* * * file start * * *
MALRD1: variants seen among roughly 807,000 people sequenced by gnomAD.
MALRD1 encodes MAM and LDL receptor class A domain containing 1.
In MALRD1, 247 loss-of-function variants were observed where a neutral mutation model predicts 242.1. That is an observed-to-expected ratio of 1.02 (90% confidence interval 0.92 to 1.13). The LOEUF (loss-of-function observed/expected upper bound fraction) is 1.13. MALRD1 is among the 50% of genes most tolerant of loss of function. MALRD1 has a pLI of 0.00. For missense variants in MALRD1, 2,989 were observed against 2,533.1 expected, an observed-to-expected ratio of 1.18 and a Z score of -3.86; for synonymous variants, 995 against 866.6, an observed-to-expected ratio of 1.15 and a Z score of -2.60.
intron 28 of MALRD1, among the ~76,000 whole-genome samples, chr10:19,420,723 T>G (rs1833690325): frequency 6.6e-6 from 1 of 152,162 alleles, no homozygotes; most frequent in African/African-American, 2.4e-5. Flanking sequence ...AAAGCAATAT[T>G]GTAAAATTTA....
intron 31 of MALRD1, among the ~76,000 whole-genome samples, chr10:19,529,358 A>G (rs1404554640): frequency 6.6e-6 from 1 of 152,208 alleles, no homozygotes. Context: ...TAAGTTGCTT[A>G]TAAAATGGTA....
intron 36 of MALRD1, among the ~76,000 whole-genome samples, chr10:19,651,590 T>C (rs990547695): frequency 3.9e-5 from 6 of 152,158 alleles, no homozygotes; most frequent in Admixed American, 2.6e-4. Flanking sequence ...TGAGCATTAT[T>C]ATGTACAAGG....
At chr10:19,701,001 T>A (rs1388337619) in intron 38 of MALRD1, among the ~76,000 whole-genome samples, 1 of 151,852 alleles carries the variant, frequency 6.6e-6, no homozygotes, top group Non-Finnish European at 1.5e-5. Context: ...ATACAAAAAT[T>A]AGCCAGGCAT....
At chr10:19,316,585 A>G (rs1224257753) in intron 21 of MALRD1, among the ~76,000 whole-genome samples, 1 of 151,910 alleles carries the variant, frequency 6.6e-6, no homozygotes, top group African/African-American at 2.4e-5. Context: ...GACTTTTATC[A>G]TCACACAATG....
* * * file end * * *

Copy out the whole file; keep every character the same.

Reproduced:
MALRD1: variants seen among roughly 807,000 people sequenced by gnomAD.
MALRD1 encodes MAM and LDL receptor class A domain containing 1.
In MALRD1, 247 loss-of-function variants were observed where a neutral mutation model predicts 242.1. That is an observed-to-expected ratio of 1.02 (90% confidence interval 0.92 to 1.13). The LOEUF (loss-of-function observed/expected upper bound fraction) is 1.13. MALRD1 is among the 50% of genes most tolerant of loss of function. MALRD1 has a pLI of 0.00. For missense variants in MALRD1, 2,989 were observed against 2,533.1 expected, an observed-to-expected ratio of 1.18 and a Z score of -3.86; for synonymous variants, 995 against 866.6, an observed-to-expected ratio of 1.15 and a Z score of -2.60.
intron 28 of MALRD1, among the ~76,000 whole-genome samples, chr10:19,420,723 T>G (rs1833690325): frequency 6.6e-6 from 1 of 152,162 alleles, no homozygotes; most frequent in African/African-American, 2.4e-5. Flanking sequence ...AAAGCAATAT[T>G]GTAAAATTTA....
intron 31 of MALRD1, among the ~76,000 whole-genome samples, chr10:19,529,358 A>G (rs1404554640): frequency 6.6e-6 from 1 of 152,208 alleles, no homozygotes. Context: ...TAAGTTGCTT[A>G]TAAAATGGTA....
intron 36 of MALRD1, among the ~76,000 whole-genome samples, chr10:19,651,590 T>C (rs990547695): frequency 3.9e-5 from 6 of 152,158 alleles, no homozygotes; most frequent in Admixed American, 2.6e-4. Flanking sequence ...TGAGCATTAT[T>C]ATGTACAAGG....
At chr10:19,701,001 T>A (rs1388337619) in intron 38 of MALRD1, among the ~76,000 whole-genome samples, 1 of 151,852 alleles carries the variant, frequency 6.6e-6, no homozygotes, top group Non-Finnish European at 1.5e-5. Context: ...ATACAAAAAT[T>A]AGCCAGGCAT....
At chr10:19,316,585 A>G (rs1224257753) in intron 21 of MALRD1, among the ~76,000 whole-genome samples, 1 of 151,910 alleles carries the variant, frequency 6.6e-6, no homozygotes, top group African/African-American at 2.4e-5. Context: ...GACTTTTATC[A>G]TCACACAATG....